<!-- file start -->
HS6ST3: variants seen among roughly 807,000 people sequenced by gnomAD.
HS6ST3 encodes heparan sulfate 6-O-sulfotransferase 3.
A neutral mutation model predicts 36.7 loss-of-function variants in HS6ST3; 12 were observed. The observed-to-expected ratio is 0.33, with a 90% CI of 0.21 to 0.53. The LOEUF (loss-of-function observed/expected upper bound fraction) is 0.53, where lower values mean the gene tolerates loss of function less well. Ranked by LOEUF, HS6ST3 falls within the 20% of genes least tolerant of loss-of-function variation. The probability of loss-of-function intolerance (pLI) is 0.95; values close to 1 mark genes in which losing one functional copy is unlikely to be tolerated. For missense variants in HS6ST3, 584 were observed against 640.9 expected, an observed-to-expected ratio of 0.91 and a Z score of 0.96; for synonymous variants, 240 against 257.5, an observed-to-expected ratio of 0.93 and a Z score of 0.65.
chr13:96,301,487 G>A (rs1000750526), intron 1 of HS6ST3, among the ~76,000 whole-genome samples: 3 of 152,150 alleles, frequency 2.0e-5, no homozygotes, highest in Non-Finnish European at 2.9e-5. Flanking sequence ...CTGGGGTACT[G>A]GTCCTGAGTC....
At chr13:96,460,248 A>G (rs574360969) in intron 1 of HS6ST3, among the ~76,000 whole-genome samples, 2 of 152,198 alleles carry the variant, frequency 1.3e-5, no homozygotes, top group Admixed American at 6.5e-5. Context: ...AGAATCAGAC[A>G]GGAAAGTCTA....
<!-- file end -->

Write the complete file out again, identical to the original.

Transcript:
HS6ST3: variants seen among roughly 807,000 people sequenced by gnomAD.
HS6ST3 encodes heparan sulfate 6-O-sulfotransferase 3.
A neutral mutation model predicts 36.7 loss-of-function variants in HS6ST3; 12 were observed. The observed-to-expected ratio is 0.33, with a 90% CI of 0.21 to 0.53. The LOEUF (loss-of-function observed/expected upper bound fraction) is 0.53, where lower values mean the gene tolerates loss of function less well. Ranked by LOEUF, HS6ST3 falls within the 20% of genes least tolerant of loss-of-function variation. The probability of loss-of-function intolerance (pLI) is 0.95; values close to 1 mark genes in which losing one functional copy is unlikely to be tolerated. For missense variants in HS6ST3, 584 were observed against 640.9 expected, an observed-to-expected ratio of 0.91 and a Z score of 0.96; for synonymous variants, 240 against 257.5, an observed-to-expected ratio of 0.93 and a Z score of 0.65.
chr13:96,301,487 G>A (rs1000750526), intron 1 of HS6ST3, among the ~76,000 whole-genome samples: 3 of 152,150 alleles, frequency 2.0e-5, no homozygotes, highest in Non-Finnish European at 2.9e-5. Flanking sequence ...CTGGGGTACT[G>A]GTCCTGAGTC....
At chr13:96,460,248 A>G (rs574360969) in intron 1 of HS6ST3, among the ~76,000 whole-genome samples, 2 of 152,198 alleles carry the variant, frequency 1.3e-5, no homozygotes, top group Admixed American at 6.5e-5. Context: ...AGAATCAGAC[A>G]GGAAAGTCTA....